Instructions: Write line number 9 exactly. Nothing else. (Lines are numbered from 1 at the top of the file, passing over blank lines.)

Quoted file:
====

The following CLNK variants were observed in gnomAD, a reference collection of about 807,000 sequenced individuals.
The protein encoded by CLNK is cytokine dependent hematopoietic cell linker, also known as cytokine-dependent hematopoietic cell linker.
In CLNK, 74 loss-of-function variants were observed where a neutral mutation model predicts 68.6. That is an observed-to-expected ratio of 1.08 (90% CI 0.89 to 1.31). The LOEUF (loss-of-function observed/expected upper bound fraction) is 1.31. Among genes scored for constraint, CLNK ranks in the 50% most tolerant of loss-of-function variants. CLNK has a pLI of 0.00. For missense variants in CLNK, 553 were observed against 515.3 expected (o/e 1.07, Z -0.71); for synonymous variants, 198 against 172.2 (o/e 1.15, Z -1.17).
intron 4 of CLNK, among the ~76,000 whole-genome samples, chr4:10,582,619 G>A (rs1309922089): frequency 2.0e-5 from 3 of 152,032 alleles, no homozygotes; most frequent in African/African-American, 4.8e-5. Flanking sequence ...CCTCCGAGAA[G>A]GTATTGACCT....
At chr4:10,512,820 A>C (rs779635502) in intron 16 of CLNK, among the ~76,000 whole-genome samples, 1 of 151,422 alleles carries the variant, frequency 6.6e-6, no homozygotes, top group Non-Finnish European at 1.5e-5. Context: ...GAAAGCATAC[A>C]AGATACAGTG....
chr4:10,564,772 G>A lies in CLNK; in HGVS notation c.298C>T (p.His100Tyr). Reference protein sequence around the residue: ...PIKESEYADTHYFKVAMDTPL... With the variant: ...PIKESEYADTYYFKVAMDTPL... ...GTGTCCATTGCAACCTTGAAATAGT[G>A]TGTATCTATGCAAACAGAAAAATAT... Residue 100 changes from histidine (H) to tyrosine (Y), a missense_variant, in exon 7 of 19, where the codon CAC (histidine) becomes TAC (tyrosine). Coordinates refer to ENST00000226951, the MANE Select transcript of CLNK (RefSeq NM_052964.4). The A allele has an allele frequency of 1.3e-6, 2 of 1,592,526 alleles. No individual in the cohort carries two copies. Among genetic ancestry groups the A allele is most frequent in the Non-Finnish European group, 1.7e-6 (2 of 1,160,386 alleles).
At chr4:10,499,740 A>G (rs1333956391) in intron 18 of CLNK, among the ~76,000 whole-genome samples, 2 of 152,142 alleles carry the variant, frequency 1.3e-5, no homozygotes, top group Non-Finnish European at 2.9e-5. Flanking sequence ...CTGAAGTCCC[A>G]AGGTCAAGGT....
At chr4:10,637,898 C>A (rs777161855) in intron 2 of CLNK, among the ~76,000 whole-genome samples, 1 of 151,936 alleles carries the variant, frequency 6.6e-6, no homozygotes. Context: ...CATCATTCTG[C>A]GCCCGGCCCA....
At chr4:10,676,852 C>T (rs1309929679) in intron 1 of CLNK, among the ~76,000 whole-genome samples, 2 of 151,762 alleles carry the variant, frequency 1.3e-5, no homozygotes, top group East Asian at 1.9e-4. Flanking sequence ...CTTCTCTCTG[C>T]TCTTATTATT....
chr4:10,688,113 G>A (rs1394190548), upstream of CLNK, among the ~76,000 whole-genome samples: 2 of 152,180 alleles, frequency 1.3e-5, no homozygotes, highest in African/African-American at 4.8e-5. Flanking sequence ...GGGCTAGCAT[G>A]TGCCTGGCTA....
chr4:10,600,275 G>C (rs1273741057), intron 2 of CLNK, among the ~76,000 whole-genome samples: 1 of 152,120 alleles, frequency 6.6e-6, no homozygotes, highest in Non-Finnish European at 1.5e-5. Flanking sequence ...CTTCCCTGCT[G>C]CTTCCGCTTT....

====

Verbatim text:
At chr4:10,676,852 C>T (rs1309929679) in intron 1 of CLNK, among the ~76,000 whole-genome samples, 2 of 151,762 alleles carry the variant, frequency 1.3e-5, no homozygotes, top group East Asian at 1.9e-4. Flanking sequence ...CTTCTCTCTG[C>T]TCTTATTATT....